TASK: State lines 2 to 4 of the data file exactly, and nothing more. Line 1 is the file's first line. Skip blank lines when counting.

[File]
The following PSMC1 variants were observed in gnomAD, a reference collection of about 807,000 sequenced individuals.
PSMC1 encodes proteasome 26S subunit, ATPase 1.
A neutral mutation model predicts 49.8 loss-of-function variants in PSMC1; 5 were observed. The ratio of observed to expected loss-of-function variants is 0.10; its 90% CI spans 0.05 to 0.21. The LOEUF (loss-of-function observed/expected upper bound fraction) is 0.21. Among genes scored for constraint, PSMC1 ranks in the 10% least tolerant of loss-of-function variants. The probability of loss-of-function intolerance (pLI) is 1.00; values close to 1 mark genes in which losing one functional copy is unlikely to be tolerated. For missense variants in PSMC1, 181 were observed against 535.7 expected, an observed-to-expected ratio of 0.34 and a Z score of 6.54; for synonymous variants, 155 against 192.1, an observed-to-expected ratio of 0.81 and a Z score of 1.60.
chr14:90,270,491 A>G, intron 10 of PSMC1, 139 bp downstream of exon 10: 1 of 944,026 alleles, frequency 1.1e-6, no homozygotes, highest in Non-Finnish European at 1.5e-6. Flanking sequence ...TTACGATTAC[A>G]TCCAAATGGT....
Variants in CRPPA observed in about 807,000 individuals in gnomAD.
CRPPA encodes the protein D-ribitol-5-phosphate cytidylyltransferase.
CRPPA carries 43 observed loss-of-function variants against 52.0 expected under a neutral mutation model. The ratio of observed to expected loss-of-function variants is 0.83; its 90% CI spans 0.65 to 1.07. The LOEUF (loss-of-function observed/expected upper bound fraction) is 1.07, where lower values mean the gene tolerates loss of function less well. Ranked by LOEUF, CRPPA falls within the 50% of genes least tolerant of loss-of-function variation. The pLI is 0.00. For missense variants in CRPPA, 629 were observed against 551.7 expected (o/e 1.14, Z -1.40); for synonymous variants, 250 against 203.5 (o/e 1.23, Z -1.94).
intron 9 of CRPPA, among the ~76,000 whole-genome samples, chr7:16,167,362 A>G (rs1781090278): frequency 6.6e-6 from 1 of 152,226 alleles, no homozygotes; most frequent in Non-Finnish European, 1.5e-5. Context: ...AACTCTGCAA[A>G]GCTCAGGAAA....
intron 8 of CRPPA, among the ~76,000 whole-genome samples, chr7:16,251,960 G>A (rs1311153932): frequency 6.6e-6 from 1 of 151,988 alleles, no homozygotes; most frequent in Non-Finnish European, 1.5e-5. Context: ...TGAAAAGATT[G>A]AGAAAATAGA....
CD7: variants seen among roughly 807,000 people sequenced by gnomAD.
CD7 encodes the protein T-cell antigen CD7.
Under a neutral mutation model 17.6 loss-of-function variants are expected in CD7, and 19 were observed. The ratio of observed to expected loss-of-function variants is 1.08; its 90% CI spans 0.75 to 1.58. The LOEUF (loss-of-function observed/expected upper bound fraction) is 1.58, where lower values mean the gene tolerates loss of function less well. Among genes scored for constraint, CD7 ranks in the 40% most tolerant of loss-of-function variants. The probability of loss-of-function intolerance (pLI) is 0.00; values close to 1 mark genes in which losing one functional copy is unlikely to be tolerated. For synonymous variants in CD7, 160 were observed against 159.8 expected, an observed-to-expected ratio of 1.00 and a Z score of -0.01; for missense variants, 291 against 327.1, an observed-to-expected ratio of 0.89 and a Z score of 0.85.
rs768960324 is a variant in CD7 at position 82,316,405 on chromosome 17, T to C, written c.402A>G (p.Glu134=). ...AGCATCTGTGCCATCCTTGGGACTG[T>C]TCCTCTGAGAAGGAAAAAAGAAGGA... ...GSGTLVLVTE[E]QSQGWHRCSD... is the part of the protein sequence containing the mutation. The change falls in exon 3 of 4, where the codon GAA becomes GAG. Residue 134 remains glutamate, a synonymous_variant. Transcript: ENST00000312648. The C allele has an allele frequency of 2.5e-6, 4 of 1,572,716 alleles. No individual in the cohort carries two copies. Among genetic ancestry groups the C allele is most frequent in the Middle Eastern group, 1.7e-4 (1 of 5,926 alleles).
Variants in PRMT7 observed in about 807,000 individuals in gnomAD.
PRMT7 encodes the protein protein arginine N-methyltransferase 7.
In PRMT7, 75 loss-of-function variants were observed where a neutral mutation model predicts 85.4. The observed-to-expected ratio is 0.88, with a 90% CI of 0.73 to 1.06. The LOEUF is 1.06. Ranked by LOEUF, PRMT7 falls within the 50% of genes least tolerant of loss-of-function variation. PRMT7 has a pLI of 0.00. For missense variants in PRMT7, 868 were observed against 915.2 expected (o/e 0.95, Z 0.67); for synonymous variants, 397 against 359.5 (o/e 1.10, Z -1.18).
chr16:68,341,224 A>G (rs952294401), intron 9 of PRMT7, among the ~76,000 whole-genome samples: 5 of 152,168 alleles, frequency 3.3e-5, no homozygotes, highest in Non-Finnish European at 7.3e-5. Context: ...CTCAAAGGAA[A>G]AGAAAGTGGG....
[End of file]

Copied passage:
PSMC1 encodes proteasome 26S subunit, ATPase 1.
A neutral mutation model predicts 49.8 loss-of-function variants in PSMC1; 5 were observed. The ratio of observed to expected loss-of-function variants is 0.10; its 90% CI spans 0.05 to 0.21. The LOEUF (loss-of-function observed/expected upper bound fraction) is 0.21. Among genes scored for constraint, PSMC1 ranks in the 10% least tolerant of loss-of-function variants. The probability of loss-of-function intolerance (pLI) is 1.00; values close to 1 mark genes in which losing one functional copy is unlikely to be tolerated. For missense variants in PSMC1, 181 were observed against 535.7 expected, an observed-to-expected ratio of 0.34 and a Z score of 6.54; for synonymous variants, 155 against 192.1, an observed-to-expected ratio of 0.81 and a Z score of 1.60.
chr14:90,270,491 A>G, intron 10 of PSMC1, 139 bp downstream of exon 10: 1 of 944,026 alleles, frequency 1.1e-6, no homozygotes, highest in Non-Finnish European at 1.5e-6. Flanking sequence ...TTACGATTAC[A>G]TCCAAATGGT....